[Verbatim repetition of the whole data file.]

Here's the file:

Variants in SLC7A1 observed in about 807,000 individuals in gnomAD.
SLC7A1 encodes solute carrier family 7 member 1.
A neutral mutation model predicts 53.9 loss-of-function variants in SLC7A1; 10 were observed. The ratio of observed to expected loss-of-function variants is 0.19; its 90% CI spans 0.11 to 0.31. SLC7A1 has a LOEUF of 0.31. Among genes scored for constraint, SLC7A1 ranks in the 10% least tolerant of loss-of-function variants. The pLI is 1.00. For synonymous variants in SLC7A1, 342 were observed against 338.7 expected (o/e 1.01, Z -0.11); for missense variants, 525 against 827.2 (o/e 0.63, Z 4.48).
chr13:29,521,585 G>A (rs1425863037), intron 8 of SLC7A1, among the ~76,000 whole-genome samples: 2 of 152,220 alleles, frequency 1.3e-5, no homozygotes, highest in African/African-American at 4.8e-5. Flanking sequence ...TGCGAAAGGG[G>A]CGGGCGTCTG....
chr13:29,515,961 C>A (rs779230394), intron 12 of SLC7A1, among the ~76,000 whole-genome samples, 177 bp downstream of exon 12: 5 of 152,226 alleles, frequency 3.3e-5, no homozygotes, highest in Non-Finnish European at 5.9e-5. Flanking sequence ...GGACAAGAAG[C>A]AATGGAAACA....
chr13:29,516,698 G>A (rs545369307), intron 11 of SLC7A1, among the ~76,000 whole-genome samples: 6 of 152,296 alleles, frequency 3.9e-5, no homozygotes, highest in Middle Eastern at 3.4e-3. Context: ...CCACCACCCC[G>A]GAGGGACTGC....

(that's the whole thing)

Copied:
Variants in SLC7A1 observed in about 807,000 individuals in gnomAD.
SLC7A1 encodes solute carrier family 7 member 1.
A neutral mutation model predicts 53.9 loss-of-function variants in SLC7A1; 10 were observed. The ratio of observed to expected loss-of-function variants is 0.19; its 90% CI spans 0.11 to 0.31. SLC7A1 has a LOEUF of 0.31. Among genes scored for constraint, SLC7A1 ranks in the 10% least tolerant of loss-of-function variants. The pLI is 1.00. For synonymous variants in SLC7A1, 342 were observed against 338.7 expected (o/e 1.01, Z -0.11); for missense variants, 525 against 827.2 (o/e 0.63, Z 4.48).
chr13:29,521,585 G>A (rs1425863037), intron 8 of SLC7A1, among the ~76,000 whole-genome samples: 2 of 152,220 alleles, frequency 1.3e-5, no homozygotes, highest in African/African-American at 4.8e-5. Flanking sequence ...TGCGAAAGGG[G>A]CGGGCGTCTG....
chr13:29,515,961 C>A (rs779230394), intron 12 of SLC7A1, among the ~76,000 whole-genome samples, 177 bp downstream of exon 12: 5 of 152,226 alleles, frequency 3.3e-5, no homozygotes, highest in Non-Finnish European at 5.9e-5. Flanking sequence ...GGACAAGAAG[C>A]AATGGAAACA....
chr13:29,516,698 G>A (rs545369307), intron 11 of SLC7A1, among the ~76,000 whole-genome samples: 6 of 152,296 alleles, frequency 3.9e-5, no homozygotes, highest in Middle Eastern at 3.4e-3. Context: ...CCACCACCCC[G>A]GAGGGACTGC....